Not a lot of people know that on a clear day you can see the Eiffel Tower from Lau Fau Shan in the Northwest New Territories. Actually, it isn’t the fake one in Paris. This is the ‘made in China’ copy-tower in a distraction known as Windows on the World. Working from recollection as hazy as a normal day in the HKSAR, the story I heard was that Windows on the World is a theme park that enabled Chinese to see sights around the world without having to mix with barbarians or leave the Middle Kingdom. In some of the following photos you can also make out the Arc de Triomphe and perhaps a pyramid or two. There, ticked those, what’s next!
On a typically murky day.
No doubt about it, it’s Eiffel and not Blackpool Tower we’re looking at here
More on China’s penchant for copy-architecture here and here. Another great article in the Guardian about “copy architecture“.
If you look carefully at the last image, you can see the reclaimed land on the Chinese side of Inner Deep Bay. This is noteworthy as Inner Deep Bay is a Ramsar Wetland of International Importance which supports many rare and endangered waterbirds and waders. Amongst the species are the Black-faced Spoonbills, visiting Pelicans, Avocets, Spoonbilled Sandpipers and Godwits. Residents include four or five species of Kingfishers such as the Crested. Tens of thousands of migrating waterbirds stopover along the shores of Mai Po and Lau Fau Shan twice a year. Hong Kong’s map of Inner Deep Bay diplomatically skirted around the rapid reclamation on the Chinese side of the border long after satellite photos gave the game away.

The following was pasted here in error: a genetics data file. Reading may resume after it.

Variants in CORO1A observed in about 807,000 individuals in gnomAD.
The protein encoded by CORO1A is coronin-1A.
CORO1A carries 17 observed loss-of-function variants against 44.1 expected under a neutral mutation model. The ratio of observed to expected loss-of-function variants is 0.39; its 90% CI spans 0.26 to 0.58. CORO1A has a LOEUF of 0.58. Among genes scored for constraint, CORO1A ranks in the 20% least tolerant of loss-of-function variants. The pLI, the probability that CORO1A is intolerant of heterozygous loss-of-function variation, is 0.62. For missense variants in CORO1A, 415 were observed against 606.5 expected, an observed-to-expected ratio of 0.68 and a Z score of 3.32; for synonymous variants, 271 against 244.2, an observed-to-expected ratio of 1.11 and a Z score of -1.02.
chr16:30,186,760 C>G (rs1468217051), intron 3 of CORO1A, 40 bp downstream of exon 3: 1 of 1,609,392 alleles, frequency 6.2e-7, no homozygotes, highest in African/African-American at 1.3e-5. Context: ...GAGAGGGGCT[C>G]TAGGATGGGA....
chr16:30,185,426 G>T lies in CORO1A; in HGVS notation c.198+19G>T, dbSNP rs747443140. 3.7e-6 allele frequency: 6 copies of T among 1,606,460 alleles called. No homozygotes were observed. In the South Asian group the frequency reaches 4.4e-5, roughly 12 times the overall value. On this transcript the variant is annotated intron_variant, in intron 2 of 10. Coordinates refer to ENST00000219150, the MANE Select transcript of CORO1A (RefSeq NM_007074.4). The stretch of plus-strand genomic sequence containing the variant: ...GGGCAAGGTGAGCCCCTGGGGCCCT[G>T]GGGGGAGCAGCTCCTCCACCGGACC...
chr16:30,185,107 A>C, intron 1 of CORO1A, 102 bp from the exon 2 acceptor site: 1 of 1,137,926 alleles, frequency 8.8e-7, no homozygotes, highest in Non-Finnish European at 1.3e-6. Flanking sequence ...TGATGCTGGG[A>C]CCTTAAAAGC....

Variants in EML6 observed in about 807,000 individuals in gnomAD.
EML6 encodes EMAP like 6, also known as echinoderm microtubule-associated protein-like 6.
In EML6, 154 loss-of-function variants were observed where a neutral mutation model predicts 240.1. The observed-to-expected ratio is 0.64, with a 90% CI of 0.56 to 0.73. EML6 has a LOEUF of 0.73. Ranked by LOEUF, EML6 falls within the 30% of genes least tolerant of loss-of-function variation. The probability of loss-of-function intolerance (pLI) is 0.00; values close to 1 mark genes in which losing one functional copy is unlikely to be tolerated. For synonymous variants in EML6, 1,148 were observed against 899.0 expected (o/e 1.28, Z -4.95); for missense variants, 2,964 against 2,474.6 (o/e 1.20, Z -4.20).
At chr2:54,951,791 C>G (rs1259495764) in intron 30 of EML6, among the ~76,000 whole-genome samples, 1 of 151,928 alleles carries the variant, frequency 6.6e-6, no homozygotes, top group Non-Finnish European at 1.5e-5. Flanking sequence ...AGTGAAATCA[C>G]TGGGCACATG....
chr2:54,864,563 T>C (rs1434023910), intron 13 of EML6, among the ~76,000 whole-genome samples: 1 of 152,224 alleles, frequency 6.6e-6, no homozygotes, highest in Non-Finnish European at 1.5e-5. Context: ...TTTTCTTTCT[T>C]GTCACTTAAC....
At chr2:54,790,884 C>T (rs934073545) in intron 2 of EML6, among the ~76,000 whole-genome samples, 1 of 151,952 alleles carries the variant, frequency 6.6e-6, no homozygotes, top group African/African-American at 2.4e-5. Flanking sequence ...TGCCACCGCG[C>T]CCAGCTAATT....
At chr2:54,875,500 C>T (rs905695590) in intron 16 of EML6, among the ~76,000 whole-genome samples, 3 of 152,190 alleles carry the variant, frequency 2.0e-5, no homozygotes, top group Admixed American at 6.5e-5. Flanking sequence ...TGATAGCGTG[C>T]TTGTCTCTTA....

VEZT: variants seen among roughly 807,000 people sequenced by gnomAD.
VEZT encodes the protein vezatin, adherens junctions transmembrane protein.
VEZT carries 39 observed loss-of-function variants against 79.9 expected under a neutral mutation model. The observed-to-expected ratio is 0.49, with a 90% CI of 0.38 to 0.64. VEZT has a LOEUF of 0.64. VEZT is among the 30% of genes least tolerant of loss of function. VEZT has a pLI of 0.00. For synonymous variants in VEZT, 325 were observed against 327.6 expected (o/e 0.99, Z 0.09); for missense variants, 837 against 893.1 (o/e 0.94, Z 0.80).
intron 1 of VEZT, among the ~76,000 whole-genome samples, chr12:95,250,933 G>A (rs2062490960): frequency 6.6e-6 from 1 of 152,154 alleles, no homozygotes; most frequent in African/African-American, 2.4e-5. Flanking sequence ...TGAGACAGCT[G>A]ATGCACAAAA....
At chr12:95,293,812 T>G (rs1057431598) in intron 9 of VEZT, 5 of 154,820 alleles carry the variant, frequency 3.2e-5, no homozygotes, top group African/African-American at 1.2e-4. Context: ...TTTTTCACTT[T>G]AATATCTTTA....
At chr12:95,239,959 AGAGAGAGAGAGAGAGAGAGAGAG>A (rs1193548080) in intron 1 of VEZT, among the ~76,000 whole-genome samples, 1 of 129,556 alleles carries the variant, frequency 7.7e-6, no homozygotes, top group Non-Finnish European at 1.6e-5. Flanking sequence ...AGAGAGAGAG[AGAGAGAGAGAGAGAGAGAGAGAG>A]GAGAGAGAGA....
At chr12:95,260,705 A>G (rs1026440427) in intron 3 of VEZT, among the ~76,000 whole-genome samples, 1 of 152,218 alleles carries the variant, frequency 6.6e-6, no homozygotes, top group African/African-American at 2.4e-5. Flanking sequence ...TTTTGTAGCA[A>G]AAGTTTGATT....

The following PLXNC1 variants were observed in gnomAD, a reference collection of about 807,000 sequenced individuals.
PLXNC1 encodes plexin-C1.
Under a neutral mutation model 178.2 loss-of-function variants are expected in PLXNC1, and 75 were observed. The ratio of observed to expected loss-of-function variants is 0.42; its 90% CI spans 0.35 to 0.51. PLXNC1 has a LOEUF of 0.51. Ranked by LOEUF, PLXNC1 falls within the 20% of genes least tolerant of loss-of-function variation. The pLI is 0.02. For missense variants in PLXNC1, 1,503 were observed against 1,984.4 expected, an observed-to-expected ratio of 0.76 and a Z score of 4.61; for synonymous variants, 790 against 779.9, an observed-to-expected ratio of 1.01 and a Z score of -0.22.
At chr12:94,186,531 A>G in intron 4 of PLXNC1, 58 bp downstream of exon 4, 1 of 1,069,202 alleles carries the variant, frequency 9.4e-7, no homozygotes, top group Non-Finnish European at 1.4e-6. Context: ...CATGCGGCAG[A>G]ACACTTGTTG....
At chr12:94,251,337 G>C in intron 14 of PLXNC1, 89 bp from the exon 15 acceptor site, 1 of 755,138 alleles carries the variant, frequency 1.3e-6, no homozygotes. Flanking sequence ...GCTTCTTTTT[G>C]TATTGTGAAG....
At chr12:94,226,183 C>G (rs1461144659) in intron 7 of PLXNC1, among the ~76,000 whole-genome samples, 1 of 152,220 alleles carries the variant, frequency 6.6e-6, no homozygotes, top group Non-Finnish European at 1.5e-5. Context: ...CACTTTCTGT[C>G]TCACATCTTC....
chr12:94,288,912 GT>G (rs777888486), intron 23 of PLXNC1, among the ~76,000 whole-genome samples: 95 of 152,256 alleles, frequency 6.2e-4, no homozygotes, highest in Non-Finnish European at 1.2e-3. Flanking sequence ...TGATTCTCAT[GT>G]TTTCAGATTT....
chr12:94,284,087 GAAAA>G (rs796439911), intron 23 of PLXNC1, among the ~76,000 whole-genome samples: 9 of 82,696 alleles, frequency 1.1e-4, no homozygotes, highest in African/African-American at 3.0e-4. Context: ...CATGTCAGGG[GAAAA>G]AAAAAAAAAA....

More ducks and waders at the mouth of the Tin Shui Wai channel than you could shake a stick at. This photo was taken as part of the new town construction impact monitoring before the Wetland Park was built.
Early editions of HKU’s Porcupine! notebook mentioned that Otters might be found around Inner Deep Bay. On one of my first few visits along LFS peninsula I saw something (actually a number of somethings) running across the border patrol road. I grabbed photo after photo as I quietly moved towards these playful mammals.
Porcupine! It’s amusing to note the confusion of the first edition wherein the pair of editors of the newsletter set out to attract mates with the following singles-type ad – “Incidentally, we are both young, free and single…and raather sexy!” and included their contact numbers. Hope that worked out for you guys!
By now, Porcupine! had realised that these were actually Crab-eating Mongoose, not otters.
The Herons and Mongooses (geese?) faced stiff competition for the crabs from chaps like this on the mudscooter. I suspect that he was over from China to gather his dinner.
Lau Fau Shan used to be better known in pe-handover Hong Kong as a place to go to eat oysters and other freshly caught seafood. Oysters were still farmed along the coast and the huge volume of discarded shells have changed the western shoreline. I have to say that I only ate once at the famous seafood dai pai dong (squid, not raw oysters) and had 24 hour dysentry commence within about 4 hours. Never again. The problem here is that the Shenzhen River discharges into Inner Deep Bay, so the famous mudflats are actually Shenzhen’s untreated sewage beds. Raw oysters anyone?